In the 18th century, Brazil, despite being occupied by Portugal, developed its economy.  However, as Portugal monopolized trade with the US, all export profits were not seen as Brazil earnings.  Portugal took all profits related to sugarcane and cotton, which eventually led to an uproar among Brazilians.  Brazilians separated two groups: one insisted on the need to work for independence, but the other asserted the need to remain true to Portugal.  Generally, the second group wanted to remain on friendly terms with Portugal but create an independent Brazilian empire.  It was then that a historic event happened, which supported the group insisting on a friendly relationship with Portugal.  Portugal’s royal family was killed by France militants.  Some of the Portugal royal family were lucky enough to be in Brazil at the time.  King Joan Ⅵ didn't want to return to Portugal because he felt Brazil to be a safe haven, so Joan Ⅵ declared Brazil an is an union pack with Portugal.  However, Brazilians wanted Brazil to become a republic and independent from Portugal.  Therefore, they fought hard to make this idea happen.  Finally, on September 7th 1882, Brazil succeeded in cutting ties with Portugal.  Once Brazil established republicanism, Joan Ⅵ returned to Portugal, and Brazil finally saw real independence.

SYRIA
Shake the World

   
www.google.com

In June 1987, there was a big movement towards democracy in South Korea.  Most people wanted to overthrow the dictatorship.  In the process, a lot of people were killed or injured.  Koreans were told that to live comfortably required sacrifice, but in the stretch of 26 years, Koreans became indifferent.  They felt sacrifice to be an old historic adage that no longer had any application.  Now, people elsewhere in the world are striving for democracy.  The struggle for democracy is no longer an old story written in a history textbook.  It’s a real world event happening right now in Syria.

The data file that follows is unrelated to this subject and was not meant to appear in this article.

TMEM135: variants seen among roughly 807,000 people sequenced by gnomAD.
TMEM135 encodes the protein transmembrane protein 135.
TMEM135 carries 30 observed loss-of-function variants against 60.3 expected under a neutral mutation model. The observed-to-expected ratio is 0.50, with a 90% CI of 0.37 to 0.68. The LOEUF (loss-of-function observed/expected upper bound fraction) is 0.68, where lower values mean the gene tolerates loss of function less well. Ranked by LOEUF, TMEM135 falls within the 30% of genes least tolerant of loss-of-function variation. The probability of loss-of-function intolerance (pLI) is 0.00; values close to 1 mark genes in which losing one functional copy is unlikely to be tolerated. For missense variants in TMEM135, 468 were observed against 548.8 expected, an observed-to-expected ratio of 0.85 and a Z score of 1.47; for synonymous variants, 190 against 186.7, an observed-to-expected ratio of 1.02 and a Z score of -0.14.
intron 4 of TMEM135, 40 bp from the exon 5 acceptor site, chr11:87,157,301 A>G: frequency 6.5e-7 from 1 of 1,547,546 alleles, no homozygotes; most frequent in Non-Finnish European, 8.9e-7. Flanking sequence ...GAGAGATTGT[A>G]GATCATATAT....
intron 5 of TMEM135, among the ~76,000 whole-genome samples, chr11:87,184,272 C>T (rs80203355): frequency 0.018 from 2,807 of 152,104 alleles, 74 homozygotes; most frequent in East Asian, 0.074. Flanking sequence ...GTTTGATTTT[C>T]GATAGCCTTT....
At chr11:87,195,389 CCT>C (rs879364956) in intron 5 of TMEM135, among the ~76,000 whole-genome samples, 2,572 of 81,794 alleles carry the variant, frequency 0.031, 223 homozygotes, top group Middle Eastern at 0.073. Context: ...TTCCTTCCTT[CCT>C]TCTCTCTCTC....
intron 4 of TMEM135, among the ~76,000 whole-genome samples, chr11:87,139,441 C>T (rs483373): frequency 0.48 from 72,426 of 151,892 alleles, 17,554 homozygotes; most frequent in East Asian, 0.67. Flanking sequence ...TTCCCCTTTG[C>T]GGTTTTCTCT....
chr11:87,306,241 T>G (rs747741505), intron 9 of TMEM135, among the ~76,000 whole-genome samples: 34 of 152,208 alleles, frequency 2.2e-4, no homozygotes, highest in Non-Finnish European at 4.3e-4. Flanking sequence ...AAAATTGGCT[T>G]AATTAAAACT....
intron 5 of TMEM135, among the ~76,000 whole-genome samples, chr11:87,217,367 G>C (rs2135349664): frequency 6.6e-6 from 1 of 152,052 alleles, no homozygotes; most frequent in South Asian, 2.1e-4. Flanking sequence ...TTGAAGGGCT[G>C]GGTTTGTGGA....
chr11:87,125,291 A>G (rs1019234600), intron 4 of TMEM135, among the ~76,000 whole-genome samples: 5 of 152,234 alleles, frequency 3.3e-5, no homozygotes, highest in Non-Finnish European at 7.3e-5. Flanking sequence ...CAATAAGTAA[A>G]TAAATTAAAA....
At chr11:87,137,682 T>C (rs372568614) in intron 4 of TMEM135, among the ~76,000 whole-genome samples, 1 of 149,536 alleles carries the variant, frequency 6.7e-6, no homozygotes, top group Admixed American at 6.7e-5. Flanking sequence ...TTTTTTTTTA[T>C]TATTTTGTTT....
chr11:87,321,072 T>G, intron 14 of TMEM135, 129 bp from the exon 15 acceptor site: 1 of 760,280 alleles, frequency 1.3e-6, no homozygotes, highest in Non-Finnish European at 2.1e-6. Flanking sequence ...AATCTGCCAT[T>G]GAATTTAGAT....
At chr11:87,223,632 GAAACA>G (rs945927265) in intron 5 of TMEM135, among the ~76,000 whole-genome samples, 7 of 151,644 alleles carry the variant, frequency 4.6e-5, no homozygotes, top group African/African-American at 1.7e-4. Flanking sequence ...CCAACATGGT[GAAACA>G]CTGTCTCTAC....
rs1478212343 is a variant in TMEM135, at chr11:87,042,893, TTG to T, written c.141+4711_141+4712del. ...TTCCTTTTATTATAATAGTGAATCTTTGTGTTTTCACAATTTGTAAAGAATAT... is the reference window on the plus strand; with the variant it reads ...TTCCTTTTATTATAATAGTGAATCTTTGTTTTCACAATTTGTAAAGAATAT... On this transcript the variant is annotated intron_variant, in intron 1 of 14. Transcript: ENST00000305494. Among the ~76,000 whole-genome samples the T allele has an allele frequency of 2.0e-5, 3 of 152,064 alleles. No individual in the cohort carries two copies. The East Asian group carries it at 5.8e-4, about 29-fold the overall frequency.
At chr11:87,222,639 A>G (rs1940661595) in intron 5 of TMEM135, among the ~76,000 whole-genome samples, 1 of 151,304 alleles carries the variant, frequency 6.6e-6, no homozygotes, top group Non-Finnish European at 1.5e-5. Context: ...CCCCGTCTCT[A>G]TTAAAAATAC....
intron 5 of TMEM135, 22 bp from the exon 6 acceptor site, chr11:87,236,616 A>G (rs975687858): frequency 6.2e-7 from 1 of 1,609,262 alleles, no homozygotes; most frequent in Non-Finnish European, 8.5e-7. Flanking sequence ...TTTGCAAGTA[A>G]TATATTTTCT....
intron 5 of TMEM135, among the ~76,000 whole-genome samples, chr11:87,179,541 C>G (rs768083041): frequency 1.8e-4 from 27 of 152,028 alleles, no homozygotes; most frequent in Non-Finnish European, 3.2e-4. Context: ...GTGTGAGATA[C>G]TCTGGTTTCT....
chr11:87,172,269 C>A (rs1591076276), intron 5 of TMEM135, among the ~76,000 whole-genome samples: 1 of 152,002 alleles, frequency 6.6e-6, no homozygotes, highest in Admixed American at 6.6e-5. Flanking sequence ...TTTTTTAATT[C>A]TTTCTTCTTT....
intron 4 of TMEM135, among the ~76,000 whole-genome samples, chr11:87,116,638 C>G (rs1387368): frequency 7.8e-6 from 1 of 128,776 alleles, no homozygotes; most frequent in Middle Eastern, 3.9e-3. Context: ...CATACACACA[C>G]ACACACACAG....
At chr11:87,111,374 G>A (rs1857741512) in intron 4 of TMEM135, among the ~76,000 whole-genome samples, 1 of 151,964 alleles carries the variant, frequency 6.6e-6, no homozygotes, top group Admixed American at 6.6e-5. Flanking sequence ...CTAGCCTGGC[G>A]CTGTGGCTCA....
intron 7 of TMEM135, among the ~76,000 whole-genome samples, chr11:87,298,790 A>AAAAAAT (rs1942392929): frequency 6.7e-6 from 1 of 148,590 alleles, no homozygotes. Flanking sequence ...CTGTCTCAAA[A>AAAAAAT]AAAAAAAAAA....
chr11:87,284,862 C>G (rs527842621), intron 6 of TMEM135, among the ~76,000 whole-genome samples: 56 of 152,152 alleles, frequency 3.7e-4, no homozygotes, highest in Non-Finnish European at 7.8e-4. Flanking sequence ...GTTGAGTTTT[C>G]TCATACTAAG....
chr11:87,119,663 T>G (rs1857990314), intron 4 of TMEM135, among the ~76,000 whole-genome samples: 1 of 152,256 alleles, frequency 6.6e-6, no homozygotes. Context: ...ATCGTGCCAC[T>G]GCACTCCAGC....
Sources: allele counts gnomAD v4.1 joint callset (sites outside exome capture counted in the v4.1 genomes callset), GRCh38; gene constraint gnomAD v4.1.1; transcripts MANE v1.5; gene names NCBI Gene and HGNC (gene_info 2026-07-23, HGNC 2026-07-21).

The Syria Civil War started as a cry for democracy, but has now become twisted and incorporates other ideals such as power struggles and religious conflicts.  In addition to Syria, other Middle East nations are experiencing states of tension.  Two important points come to light from the Syria Civil War.  The first is secularism versus Islamism.  Syrian President Bashar al-Assad is pro-secularism while the Muslim Brotherhood leads an Islamic movement.  Even though demonstrations are held by general concerned citizens, the Muslim Brotherhood has turned the protests into a civil war against Assad’s government.  Second, there are two major religious sects in the Islamic faith: Shiah and Sunni.  Assad’s government members are of the Shiah community, which is a population minority, while the Muslim Brotherhood and most other Syrians follow the Sunni sect.  Each Middle East country has both Shiah and Sunni sects, but only one of the sects takes control of the nation, so outside nations are divided when it comes to Assad’s government.  There appears to be no end in sight for the Syrian Civil War.  Many people continue to die even now.  Koreans don’t know how to help, but we do know that the war needs global attention, so everyone should keep trying to find a solution that leads to peace in the land.